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  • #5
Clara Chung said:
View attachment 224555
I don’t understand why do we use power in this experiment. If we use powder, the d spacings of each crystalline will be oriented randomly, why won’t the angle of reflection changes? I don’t understand the idea of using powder in the experiment.

Thank you so much

Powder diffraction makes it easier to analyze hard-to-crystallize samples. All crystals will have some disordering, using a powder allows 'averaging' over the disorder, leaving only the lattice contributions. Powder diffraction also does not require large crystals, so sample preparation is often cheaper and faster.

https://en.wikipedia.org/wiki/Powder_diffraction
 

Related to Question about Powder X-ray diffraction experiment

1. What is powder X-ray diffraction (XRD) and how does it work?

Powder X-ray diffraction is a technique used to analyze the structure of crystalline materials. It works by directing a beam of X-rays onto a powdered sample, which causes the X-rays to diffract or scatter. The resulting diffraction pattern provides information about the arrangement of atoms in the sample, allowing for the identification of the crystalline phases present.

2. What equipment is needed for a powder XRD experiment?

To perform a powder XRD experiment, you will need an X-ray source, a sample holder, a detector, and a data analysis software. The X-ray source is usually an X-ray tube that produces a focused beam of X-rays. The sample holder is a flat plate or capillary that holds the powdered sample. The detector collects the diffracted X-rays and converts them into an electrical signal, which is then analyzed by the data analysis software.

3. What types of materials can be analyzed using powder XRD?

Powder XRD is commonly used for analyzing crystalline materials, such as minerals, metals, ceramics, and pharmaceuticals. It can also be used to determine the crystal structure of proteins and other biological molecules. However, it is not suitable for amorphous materials, such as glasses or liquids.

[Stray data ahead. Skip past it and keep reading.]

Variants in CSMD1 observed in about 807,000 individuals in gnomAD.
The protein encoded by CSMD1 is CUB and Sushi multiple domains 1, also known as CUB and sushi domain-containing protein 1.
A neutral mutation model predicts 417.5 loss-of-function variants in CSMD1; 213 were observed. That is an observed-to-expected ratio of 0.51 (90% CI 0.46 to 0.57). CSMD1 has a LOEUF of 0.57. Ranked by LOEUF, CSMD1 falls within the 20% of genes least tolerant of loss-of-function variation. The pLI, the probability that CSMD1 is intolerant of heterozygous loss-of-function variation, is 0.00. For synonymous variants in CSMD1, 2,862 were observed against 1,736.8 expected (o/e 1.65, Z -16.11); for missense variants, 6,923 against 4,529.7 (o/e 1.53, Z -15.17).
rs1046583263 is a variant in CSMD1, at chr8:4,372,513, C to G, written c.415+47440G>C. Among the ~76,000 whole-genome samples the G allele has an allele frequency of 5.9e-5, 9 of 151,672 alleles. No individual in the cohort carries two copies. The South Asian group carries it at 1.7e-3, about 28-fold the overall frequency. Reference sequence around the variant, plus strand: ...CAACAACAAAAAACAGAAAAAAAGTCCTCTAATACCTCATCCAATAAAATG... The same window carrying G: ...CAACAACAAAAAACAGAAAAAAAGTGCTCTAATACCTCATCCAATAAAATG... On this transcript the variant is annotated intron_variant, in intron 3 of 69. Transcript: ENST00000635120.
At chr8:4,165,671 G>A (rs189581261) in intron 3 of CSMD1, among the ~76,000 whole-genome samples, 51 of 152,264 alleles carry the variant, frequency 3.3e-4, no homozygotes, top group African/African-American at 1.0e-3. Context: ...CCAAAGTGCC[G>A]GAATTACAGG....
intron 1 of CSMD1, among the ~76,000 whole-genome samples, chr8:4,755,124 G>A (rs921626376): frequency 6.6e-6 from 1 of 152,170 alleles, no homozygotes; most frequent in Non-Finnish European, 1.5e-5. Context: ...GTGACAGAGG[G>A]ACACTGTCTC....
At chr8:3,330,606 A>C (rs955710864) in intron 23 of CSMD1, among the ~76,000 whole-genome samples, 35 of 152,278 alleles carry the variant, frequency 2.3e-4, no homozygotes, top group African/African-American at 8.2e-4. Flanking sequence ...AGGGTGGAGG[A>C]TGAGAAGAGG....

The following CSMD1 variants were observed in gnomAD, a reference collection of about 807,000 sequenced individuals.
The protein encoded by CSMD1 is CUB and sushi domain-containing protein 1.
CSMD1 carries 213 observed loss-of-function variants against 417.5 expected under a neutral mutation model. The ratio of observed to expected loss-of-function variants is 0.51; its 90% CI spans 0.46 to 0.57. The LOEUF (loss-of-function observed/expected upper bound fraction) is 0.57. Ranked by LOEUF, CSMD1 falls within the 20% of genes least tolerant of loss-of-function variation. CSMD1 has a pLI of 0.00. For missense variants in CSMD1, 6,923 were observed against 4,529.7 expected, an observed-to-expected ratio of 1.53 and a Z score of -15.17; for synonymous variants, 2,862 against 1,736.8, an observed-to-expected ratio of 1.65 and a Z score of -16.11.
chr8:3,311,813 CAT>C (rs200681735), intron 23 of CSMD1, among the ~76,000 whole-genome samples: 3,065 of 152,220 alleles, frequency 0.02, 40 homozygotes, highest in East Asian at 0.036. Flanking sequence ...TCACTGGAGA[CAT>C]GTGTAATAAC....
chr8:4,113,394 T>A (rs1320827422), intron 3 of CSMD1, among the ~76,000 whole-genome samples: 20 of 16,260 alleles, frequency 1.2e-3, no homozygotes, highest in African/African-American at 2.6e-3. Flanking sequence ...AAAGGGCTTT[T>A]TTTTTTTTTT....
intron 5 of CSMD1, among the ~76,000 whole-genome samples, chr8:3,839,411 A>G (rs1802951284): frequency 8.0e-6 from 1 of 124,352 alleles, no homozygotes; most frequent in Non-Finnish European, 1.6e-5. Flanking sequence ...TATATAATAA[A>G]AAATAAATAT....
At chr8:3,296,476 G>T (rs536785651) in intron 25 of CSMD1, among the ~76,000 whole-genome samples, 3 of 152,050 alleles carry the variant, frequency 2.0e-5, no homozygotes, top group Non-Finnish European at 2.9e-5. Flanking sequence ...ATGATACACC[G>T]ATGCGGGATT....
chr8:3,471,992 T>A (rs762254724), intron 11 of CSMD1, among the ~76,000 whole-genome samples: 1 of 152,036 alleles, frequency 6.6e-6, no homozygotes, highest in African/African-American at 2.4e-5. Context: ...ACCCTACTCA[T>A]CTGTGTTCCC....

4. How is the data from a powder XRD experiment interpreted?

The data from a powder XRD experiment is typically presented as a graph called a diffractogram, which shows the intensity of the diffracted X-rays as a function of the scattering angle. The positions and intensities of the peaks in the diffractogram can be compared to a database of known patterns to identify the crystalline phases present in the sample. The peak positions can also be used to calculate the lattice parameters and unit cell dimensions of the crystal structure.

5. What are the advantages of using powder XRD over other analytical techniques?

Powder XRD is a non-destructive and relatively fast technique that can provide information about the crystal structure of a material without the need for extensive sample preparation. It is also highly sensitive and can detect small amounts of different phases present in a sample. Additionally, it is a widely available and cost-effective method for characterizing crystalline materials.